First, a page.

Star Trek Into Darkness | Movie Reviews | Seven Days | Vermont's Independent Voice
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Star Trek Into Darkness 

Movie Review

In my seventh summer as a movie critic, I’ve reached the conclusion that tent-pole films are best taken in small doses — one or two CGI-paloozas per season, say. If your job requires you to see one every single weekend, you are bound to develop blockbuster fatigue.

Here’s what blockbuster fatigue sounds like:

I’ve heard anecdotally that J.J. Abrams’ second rebooted Star Trek movie is a fun ride for both hard-core fans and moviegoers unfamiliar with a tribble or a Vulcan nerve pinch. I know that, while the aforementioned fans are busy arguing online about the movie’s callbacks to past Star Trek films, the casual viewers enjoyed its judicious blend of pulse-pounding action, digital spectacle, humor and character development.

But I’m tired of blockbuster storytelling. I’m tired of the hero’s journey. I’m tired of hothead mavericks like Enterprise Captain James T. Kirk (Chris Pine) receiving wise lectures from their doomed mentors. I’m tired of heavily foreshadowed conflicts between the needs of the many and the needs of the few. I’m tired of villains who mess with the heroes’ minds from a prison cell. I’m tired of terrorist bombs laying waste to Earth’s great cities. (Yes, they somehow fit that motif into a Star Trek movie.) I’m tired of cheeky nerd sidekicks, even when they’re played by the hilarious Simon Pegg (as Scotty). I’m tired of action set pieces that interrupt with sonic booms, like clockwork, whenever the character development lasts more than a few minutes. I’m tired of the sly allusions aimed at the fan-base and the broad strokes designed to get a guffaw out of everyone from 8 to 80, such as the scene where Kirk catches supermodel-weapons expert Carol Marcus (Alice Eve) in her underwear.

Yes, I am tired of it all. So, while I can give you a synopsis of Star Trek Into Darkness, I can’t point to anything in particular you shouldn’t miss. I can say that the film opens with Kirk losing his command after he disobeys Starfleet’s Prime Directive, and that he regains it after a rogue Starfleet employee (Benedict Cumberbatch) unleashes mayhem on Earth and flees to an abandoned planet in Klingon air space, where no one else is game to boldly go.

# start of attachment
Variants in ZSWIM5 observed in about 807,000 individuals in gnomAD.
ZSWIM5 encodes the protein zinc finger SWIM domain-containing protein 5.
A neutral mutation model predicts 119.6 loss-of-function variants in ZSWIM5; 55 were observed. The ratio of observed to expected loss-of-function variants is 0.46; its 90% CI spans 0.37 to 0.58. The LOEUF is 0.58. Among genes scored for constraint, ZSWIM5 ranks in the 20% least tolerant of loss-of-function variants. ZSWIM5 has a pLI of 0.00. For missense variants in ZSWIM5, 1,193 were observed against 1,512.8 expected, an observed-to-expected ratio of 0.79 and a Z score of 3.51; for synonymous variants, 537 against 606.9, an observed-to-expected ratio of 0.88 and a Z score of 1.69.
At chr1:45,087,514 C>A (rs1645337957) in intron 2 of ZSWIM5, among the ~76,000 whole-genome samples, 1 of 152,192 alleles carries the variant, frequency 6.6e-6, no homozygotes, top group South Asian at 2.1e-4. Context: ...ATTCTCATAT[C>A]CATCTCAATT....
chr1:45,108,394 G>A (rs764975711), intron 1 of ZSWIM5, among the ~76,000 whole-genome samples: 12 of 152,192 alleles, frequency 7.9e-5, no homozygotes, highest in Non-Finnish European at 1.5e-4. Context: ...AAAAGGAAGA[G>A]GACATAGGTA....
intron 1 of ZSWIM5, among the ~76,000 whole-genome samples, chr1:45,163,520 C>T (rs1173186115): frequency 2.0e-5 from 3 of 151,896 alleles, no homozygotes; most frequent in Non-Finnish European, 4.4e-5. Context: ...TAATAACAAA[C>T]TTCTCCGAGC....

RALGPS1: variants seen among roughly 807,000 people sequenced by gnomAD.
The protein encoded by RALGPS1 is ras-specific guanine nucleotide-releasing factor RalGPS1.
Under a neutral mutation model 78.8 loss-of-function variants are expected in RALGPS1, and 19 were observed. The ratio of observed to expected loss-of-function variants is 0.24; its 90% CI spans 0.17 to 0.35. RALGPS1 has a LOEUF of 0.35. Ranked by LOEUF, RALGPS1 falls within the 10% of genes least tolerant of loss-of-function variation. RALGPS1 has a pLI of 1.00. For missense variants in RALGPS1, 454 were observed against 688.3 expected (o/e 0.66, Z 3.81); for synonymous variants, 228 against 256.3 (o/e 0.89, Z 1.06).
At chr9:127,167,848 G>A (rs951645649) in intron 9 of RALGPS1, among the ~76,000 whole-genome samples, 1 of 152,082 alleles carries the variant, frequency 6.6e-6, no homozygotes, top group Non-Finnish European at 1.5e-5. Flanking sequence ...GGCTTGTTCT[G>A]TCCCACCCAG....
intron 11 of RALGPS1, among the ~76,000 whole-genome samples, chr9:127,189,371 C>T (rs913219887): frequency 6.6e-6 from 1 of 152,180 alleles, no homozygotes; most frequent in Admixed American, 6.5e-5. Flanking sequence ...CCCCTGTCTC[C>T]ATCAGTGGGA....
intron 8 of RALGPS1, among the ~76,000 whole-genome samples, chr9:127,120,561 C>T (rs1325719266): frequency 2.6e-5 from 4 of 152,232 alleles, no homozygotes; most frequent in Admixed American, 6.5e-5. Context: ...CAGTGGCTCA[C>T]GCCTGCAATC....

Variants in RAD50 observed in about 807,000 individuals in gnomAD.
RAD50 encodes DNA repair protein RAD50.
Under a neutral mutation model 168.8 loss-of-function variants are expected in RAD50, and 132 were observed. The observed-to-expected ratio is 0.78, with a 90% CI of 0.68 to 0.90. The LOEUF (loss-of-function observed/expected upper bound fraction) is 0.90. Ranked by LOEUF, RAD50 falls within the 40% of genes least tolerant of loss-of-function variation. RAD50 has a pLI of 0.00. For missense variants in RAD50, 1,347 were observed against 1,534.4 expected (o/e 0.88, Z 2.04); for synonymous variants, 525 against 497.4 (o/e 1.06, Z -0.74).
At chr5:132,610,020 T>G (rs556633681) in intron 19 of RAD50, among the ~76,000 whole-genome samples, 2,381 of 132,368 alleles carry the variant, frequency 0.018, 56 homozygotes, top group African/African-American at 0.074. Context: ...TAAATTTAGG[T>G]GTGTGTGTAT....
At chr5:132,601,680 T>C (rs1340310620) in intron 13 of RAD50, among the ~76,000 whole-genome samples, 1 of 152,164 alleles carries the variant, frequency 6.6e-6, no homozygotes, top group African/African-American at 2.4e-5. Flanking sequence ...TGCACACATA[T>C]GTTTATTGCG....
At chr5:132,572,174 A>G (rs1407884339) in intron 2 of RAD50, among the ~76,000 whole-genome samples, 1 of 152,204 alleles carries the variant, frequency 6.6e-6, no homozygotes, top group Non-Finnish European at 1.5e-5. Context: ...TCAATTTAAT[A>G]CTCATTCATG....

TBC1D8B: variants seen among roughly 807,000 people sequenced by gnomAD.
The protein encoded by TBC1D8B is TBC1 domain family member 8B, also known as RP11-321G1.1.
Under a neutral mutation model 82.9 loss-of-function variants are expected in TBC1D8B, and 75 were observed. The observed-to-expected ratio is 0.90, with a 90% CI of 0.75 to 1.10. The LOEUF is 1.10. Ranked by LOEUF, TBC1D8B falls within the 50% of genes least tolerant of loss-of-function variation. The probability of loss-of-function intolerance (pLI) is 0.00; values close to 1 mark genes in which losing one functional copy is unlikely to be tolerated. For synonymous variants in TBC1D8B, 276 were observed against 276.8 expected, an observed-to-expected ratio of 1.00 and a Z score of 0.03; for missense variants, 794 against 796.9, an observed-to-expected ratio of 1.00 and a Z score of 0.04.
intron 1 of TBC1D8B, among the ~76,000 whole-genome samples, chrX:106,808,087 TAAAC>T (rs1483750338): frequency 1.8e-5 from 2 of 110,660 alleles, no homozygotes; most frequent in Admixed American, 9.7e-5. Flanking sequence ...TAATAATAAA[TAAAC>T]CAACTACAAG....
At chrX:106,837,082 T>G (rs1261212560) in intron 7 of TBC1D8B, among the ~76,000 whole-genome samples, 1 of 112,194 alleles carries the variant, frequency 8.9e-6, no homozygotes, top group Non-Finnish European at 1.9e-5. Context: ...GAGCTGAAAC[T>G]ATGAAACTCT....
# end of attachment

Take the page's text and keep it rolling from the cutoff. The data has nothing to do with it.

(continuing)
I can say the pursuit of the terrorist leads the Enterprise crew to uncomfortable revelations about Starfleet command and that meanwhile, Spock (Zachary Quinto) and Uhura (Zoe Saldana) work out their relationship issues, and there is much bantering and bickering among the frat-boyish captain, his Vulcan BFF and the acerbic Bones (Karl Urban).

I can say that, when the good guys lay hands on Cumberbatch, his menace briefly electrifies the movie and gives it a dose of gravitas Quinto’s Spock can’t supply. Once Abrams and co. have unveiled the startling backstory of their villain, however, they seem to get bored with him; on to the next set piece! Something needs to explode!

I don’t hate blockbusters. I grew up loving everything Lucas and Spielberg produced and cursing the critics who refused to appreciate those well-made popcorn flicks. Didn’t they understand fun? Regardless of whether Abrams’ efforts are in the same class as Spielberg’s (I don’t think so), I now know that, when you take the same ride often enough, it’s not fun anymore. Just tiring.

So if you’re 12 and just saw your first Star Trek movie, or if this was the one 2013 blockbuster you just had to see, I hope you had a great ride. I’ll look out for a summer flick that can surprise me.

* Theaters and Showtimes

* Running time: 132 min.

* Rated: PG-13

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About The Author

Margot Harrison

Margot Harrison

Margot Harrison is the Associate Editor at Seven Days; she coordinates literary and film coverage. In 2005, she won the John D. Donoghue award for arts criticism from the Vermont Press Association.


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